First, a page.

The Shipwreck Appeal

A few months ago, I published my first book, "Shipwrecks of Coos County". The book provides a photographic overview of local shipwrecks. It focuses on the two main bodies of water in Coos County, Oregon, which are the Coos Bay and the Coquille River. The final chapter of the book discusses coastal wrecks. I realize that my opinion on the matter is completely biased, but I think that the book turned out beautifully. It’s only been on the market for a few months, but it seems to be selling well—especially for a first book, and one that focuses on a particular geographical area. However, in the past few months, I’ve been asked the same question regarding the book so many times that I’ve lost count: “Why shipwrecks?”

It seems that people are baffled by why I chose to research and write about shipwrecks—which tends to be a very male dominated topic. In fact, during my research, I found very few books or articles that were written about the topic by women . So, I figured that I’d take a few minutes to try to explain my interest in shipwrecks.



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Fascinating Stories

First and foremost, shipwrecks make fascinating stories. In a sense, they’re like mystery stories. By investigating the wrecks, interviewing survivors and witnesses, etc. we’re given the opportunity to put the pieces of the puzzle together. What went wrong? Why did the ship sink? Was it salvageable? Were the passengers and crew rescued?

The Human Element

When you read about shipwrecks, it’s important to remember that they’re not just stories about ships. They’re also the stories of the many people involved—the passengers, crew, and spectators. In each incident, a group of people is placed in a high stress, dangerous, and potentially deadly situation. It’s interesting to see how they react. Shipwreck stories are full of both heroes and villains.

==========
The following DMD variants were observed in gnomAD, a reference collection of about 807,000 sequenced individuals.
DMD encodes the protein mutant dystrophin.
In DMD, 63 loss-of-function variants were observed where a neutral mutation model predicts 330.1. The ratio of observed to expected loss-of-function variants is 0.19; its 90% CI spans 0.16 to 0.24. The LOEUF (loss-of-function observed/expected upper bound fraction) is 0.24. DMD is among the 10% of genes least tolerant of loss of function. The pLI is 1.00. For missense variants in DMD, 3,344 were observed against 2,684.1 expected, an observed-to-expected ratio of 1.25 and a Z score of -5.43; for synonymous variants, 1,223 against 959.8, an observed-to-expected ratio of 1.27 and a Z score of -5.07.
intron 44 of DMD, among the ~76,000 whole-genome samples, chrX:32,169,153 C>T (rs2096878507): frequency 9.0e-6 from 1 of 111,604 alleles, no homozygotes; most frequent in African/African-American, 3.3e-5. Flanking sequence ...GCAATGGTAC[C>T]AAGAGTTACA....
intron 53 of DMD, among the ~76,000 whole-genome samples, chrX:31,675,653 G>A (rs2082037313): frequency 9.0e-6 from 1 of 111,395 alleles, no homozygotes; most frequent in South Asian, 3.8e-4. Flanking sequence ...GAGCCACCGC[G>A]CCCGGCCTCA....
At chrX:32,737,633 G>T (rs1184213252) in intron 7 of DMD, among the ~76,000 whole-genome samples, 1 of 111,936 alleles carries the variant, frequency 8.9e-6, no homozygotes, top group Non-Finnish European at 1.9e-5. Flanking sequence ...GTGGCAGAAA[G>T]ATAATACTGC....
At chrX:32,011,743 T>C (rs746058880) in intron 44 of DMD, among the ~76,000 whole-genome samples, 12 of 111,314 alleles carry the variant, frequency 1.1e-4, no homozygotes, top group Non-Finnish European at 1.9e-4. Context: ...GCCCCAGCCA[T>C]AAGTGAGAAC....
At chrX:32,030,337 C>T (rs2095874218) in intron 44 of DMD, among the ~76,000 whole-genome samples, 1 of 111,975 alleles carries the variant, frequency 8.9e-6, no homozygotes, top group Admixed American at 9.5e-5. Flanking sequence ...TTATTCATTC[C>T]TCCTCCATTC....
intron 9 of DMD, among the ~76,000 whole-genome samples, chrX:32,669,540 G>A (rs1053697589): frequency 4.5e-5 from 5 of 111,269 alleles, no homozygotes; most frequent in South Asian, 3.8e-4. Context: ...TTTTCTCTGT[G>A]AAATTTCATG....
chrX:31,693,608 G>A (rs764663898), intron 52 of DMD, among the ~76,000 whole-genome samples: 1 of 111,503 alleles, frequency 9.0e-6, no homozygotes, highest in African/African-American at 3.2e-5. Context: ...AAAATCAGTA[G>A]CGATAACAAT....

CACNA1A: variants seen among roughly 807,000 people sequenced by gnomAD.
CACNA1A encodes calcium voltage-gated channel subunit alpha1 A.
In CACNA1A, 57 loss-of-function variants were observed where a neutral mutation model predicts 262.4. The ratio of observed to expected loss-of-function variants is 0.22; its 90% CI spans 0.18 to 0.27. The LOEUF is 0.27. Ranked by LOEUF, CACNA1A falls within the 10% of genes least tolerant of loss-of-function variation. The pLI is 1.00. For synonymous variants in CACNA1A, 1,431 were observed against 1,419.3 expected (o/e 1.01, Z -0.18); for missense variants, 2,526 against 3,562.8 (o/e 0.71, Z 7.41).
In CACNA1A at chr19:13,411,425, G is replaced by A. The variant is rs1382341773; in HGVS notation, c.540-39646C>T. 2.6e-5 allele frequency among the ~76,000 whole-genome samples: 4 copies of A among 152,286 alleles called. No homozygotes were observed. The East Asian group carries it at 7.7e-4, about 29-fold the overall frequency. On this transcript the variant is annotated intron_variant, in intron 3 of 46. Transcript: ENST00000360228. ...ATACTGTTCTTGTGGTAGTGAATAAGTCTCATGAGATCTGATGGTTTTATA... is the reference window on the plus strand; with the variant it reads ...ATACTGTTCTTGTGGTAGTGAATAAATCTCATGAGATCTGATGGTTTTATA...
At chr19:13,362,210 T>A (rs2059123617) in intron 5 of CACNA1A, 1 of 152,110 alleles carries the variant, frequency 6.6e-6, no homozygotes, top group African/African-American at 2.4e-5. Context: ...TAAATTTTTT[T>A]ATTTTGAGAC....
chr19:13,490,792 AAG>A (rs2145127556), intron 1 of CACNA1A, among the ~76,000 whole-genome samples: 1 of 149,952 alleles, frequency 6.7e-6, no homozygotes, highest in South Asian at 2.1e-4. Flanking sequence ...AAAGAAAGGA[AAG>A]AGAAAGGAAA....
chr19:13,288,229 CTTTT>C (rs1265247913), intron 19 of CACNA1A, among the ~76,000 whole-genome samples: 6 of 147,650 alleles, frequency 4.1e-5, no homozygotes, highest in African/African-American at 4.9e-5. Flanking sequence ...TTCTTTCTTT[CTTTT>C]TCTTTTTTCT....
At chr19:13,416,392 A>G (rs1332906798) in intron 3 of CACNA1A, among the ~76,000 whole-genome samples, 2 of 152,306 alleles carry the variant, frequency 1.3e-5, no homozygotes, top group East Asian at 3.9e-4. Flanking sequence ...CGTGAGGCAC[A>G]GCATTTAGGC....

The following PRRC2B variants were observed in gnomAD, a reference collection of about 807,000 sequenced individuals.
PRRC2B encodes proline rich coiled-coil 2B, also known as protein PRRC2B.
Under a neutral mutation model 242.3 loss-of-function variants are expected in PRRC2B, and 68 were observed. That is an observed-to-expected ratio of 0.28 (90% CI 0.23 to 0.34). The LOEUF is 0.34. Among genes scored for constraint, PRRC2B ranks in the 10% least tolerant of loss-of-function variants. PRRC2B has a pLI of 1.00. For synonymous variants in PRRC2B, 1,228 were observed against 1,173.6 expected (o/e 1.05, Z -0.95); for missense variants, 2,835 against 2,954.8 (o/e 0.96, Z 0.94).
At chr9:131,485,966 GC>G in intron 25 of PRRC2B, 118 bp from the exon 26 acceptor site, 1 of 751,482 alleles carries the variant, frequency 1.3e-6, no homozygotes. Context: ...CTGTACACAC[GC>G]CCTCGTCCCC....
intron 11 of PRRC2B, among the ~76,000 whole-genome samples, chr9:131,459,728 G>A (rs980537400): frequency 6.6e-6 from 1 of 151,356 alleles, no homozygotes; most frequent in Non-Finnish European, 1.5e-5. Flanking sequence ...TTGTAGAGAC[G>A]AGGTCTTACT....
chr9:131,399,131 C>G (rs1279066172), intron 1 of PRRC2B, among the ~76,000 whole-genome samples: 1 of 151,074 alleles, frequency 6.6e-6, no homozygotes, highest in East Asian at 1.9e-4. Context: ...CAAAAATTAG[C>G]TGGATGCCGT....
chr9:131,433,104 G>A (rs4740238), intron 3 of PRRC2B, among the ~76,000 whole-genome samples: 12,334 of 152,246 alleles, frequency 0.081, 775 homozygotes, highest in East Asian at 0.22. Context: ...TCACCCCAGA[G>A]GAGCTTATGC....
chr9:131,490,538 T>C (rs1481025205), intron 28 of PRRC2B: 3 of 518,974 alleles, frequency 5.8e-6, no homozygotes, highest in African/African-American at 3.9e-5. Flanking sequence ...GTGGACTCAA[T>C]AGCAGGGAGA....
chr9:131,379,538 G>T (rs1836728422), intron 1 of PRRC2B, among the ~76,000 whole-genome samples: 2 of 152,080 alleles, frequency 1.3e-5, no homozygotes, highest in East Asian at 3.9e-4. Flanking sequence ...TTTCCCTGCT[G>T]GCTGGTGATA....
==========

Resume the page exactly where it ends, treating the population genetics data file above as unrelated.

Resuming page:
It Takes One to Know One

I had one friend joke that shipwrecks appeal to me because “it takes one to know one.” Well, rather than look at my life as a series of disasters, I’d like to view it as “a work in progress.” I’d like to compare myself to the schooner North Bend . After the ship grounded on Peacock Spit (near the Columbia River) in January 1928, all attempts to pull the vessel off of the sand failed. The ship was stripped of anything valuable and abandoned. Over the next year or so, the ship—with the aid of high tides, wind, and storms—slowly worked itself across the sand spit (approximately 1200 feet) and successfully refloated herself in Baker’s Bay. Henceforth, she was given the nickname “the ship that walked.”

So, wreck or not, I’d like to think that my story will work itself out in the end.J

My advance copy of the book. It's here, it's finally here!
My advance copy of the book. It's here, it's finally here! | Source

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Comments 13 comments

Sunnie Day 5 years ago

Dear Reprieve,

First let me congratulate you on being a published author how wonderful that is! The book sounds very interesting. I guess the mystery surrounding a ship wreck keeps people’s interest. Great topic to write about. God Bless,

Sunnie


Hollie Thomas profile image

Hollie Thomas 5 years ago from United Kingdom

Yes, congratualtions and well done.


Reprieve26 profile image

Reprieve26 5 years ago from Oregon Coast Author

Thank you! :)


Hyphenbird profile image

Hyphenbird 5 years ago from America-Broken But Still Beautiful

I am very happy for you and the success of the book. I love shipwrecks too and find them interesting.


b. Malin profile image

b. Malin 5 years ago

Well Congratulations on Publishing your First Book, how Exciting! I look forward to following your Hubs and Thanks for Honoring me as well!


marcoujor profile image

marcoujor 5 years ago from Jeffersonville PA

Reprieve26,

I am so very proud of you! This is a fantastic achievement, and I love your passion about the subject!

I know you are going to keep going with your dreams, now that you have gotten your feet wet!!

Voted UP & AWESOME and I look forward to hearing and reading more. Have a good evening, mar.


Reprieve26 profile image

Reprieve26 5 years ago from Oregon Coast Author

Thank you all for your positive comments. I appreciate the feedback. Yes, I definately plan to continue trying to get my writing published now that I've "gotten my feet wet." I find that writing (and publishing) is addictive. I get such a thrill our of seeing my work in print-- I can't wait to do it again! :)